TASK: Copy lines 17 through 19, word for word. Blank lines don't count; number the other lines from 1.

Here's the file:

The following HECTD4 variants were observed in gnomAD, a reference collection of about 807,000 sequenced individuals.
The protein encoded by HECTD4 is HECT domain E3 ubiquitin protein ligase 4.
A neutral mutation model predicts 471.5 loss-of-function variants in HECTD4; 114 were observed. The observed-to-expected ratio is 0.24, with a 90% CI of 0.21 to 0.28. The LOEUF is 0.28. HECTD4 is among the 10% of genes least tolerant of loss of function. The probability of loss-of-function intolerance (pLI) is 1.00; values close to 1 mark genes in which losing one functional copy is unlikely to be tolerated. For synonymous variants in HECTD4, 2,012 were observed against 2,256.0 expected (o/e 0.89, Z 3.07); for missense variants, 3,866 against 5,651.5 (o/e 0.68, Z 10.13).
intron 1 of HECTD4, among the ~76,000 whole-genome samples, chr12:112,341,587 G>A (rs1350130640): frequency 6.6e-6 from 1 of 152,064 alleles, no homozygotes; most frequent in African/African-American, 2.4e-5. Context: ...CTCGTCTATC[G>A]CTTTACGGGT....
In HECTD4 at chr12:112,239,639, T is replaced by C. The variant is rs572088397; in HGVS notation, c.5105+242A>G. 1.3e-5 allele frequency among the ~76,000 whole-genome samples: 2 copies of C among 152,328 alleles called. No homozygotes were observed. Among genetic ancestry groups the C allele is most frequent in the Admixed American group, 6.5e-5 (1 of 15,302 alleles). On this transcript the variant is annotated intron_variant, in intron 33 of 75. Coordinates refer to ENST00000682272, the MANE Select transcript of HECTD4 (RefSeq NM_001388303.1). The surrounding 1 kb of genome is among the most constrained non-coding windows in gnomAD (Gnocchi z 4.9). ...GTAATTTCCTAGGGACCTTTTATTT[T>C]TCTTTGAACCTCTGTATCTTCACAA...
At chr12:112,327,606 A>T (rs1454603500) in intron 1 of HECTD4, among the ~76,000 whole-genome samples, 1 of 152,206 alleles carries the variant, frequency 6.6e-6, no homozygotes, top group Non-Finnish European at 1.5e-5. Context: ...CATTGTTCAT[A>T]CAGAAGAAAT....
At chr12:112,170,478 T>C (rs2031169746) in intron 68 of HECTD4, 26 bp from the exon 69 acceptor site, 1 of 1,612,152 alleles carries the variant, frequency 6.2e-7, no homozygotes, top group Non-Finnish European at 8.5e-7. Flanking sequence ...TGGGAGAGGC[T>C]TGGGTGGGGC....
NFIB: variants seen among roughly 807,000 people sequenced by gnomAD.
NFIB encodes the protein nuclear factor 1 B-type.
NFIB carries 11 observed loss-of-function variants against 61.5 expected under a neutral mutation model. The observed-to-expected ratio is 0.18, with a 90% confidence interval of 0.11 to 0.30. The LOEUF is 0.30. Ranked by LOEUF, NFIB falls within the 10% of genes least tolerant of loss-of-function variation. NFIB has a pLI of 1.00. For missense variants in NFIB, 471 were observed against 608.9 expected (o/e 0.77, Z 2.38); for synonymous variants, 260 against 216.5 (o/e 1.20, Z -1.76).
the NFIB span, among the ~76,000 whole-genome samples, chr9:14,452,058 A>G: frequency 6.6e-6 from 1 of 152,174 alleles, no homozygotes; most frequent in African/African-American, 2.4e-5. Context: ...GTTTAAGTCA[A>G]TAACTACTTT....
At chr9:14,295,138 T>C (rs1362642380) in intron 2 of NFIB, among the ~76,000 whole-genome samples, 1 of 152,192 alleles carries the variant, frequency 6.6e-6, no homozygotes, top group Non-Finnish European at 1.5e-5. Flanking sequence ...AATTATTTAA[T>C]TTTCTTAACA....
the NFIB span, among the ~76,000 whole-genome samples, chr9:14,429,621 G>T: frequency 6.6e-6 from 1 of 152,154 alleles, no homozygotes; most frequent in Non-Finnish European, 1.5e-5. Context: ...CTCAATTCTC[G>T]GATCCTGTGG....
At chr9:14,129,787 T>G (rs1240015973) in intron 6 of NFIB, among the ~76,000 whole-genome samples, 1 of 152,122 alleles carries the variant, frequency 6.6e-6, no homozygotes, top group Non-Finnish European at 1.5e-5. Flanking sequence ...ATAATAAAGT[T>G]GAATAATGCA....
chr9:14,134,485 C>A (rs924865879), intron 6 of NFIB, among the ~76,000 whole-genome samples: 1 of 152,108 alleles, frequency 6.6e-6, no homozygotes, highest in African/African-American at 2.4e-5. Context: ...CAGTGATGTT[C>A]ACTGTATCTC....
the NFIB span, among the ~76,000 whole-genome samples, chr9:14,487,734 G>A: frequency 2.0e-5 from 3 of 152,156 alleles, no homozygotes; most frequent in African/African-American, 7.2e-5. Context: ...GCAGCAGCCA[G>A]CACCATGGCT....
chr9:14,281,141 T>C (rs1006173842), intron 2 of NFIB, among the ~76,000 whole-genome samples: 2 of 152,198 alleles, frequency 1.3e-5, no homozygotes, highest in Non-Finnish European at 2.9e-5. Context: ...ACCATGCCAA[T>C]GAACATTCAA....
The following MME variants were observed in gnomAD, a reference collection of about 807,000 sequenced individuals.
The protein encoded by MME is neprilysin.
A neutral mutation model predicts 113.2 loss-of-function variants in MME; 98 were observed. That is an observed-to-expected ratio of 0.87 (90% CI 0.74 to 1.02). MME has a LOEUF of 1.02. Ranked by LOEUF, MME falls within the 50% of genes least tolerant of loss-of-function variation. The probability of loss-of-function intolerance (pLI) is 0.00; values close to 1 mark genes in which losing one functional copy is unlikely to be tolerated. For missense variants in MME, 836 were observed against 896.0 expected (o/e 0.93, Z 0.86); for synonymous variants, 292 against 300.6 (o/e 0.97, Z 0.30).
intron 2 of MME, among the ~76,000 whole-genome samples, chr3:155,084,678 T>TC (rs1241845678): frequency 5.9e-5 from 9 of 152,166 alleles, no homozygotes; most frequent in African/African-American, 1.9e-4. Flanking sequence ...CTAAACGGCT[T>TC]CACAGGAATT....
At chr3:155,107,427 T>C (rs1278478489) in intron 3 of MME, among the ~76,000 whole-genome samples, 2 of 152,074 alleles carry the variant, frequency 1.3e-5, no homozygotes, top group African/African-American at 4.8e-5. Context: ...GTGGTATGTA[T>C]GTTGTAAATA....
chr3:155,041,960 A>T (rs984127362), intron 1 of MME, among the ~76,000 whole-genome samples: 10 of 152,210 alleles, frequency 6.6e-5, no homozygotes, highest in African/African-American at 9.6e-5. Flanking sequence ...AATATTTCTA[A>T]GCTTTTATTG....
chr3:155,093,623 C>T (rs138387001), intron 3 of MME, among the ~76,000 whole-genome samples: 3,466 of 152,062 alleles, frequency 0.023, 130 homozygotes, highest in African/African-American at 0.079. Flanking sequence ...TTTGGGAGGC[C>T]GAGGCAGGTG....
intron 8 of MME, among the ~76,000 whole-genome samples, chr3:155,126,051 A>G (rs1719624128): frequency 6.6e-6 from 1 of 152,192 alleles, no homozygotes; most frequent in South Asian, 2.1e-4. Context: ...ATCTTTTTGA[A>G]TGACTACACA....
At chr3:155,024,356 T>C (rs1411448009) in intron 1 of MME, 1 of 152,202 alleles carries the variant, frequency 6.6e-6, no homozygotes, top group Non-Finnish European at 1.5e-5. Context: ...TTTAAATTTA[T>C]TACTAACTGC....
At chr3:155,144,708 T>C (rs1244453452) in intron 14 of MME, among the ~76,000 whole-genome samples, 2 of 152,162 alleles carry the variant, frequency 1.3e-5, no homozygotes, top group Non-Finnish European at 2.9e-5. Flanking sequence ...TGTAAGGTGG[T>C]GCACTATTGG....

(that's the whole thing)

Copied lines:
chr9:14,281,141 T>C (rs1006173842), intron 2 of NFIB, among the ~76,000 whole-genome samples: 2 of 152,198 alleles, frequency 1.3e-5, no homozygotes, highest in Non-Finnish European at 2.9e-5. Context: ...ACCATGCCAA[T>C]GAACATTCAA....
The following MME variants were observed in gnomAD, a reference collection of about 807,000 sequenced individuals.
The protein encoded by MME is neprilysin.